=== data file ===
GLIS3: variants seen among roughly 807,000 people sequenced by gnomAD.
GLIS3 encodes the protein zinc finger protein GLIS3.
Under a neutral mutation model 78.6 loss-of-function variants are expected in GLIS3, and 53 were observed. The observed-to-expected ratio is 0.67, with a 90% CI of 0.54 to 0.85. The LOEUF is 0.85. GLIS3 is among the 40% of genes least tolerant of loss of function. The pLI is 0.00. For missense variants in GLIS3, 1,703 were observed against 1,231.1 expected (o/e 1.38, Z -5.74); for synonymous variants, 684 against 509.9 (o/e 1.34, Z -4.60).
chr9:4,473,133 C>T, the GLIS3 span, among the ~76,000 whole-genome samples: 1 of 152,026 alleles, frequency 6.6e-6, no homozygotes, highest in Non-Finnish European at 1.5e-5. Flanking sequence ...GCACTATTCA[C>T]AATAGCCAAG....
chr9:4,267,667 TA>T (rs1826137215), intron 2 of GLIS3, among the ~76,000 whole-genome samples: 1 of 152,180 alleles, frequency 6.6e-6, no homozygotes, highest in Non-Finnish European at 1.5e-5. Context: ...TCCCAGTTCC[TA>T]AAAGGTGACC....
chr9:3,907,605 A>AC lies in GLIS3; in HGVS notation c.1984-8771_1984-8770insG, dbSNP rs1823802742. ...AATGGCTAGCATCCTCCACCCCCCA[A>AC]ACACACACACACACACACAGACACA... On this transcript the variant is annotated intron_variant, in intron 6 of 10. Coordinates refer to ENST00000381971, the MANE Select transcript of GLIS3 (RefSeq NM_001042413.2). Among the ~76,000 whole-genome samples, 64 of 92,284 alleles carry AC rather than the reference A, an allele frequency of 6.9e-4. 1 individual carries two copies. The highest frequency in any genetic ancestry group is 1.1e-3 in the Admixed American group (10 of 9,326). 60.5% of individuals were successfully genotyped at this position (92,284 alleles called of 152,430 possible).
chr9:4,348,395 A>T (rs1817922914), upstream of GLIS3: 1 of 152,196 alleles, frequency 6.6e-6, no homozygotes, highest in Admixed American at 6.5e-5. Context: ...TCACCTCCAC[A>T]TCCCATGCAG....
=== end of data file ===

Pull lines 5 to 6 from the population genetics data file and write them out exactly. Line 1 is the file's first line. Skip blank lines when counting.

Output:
chr9:4,267,667 TA>T (rs1826137215), intron 2 of GLIS3, among the ~76,000 whole-genome samples: 1 of 152,180 alleles, frequency 6.6e-6, no homozygotes, highest in Non-Finnish European at 1.5e-5. Context: ...TCCCAGTTCC[TA>T]AAAGGTGACC....
chr9:3,907,605 A>AC lies in GLIS3; in HGVS notation c.1984-8771_1984-8770insG, dbSNP rs1823802742. ...AATGGCTAGCATCCTCCACCCCCCA[A>AC]ACACACACACACACACACAGACACA... On this transcript the variant is annotated intron_variant, in intron 6 of 10. Coordinates refer to ENST00000381971, the MANE Select transcript of GLIS3 (RefSeq NM_001042413.2). Among the ~76,000 whole-genome samples, 64 of 92,284 alleles carry AC rather than the reference A, an allele frequency of 6.9e-4. 1 individual carries two copies. The highest frequency in any genetic ancestry group is 1.1e-3 in the Admixed American group (10 of 9,326). 60.5% of individuals were successfully genotyped at this position (92,284 alleles called of 152,430 possible).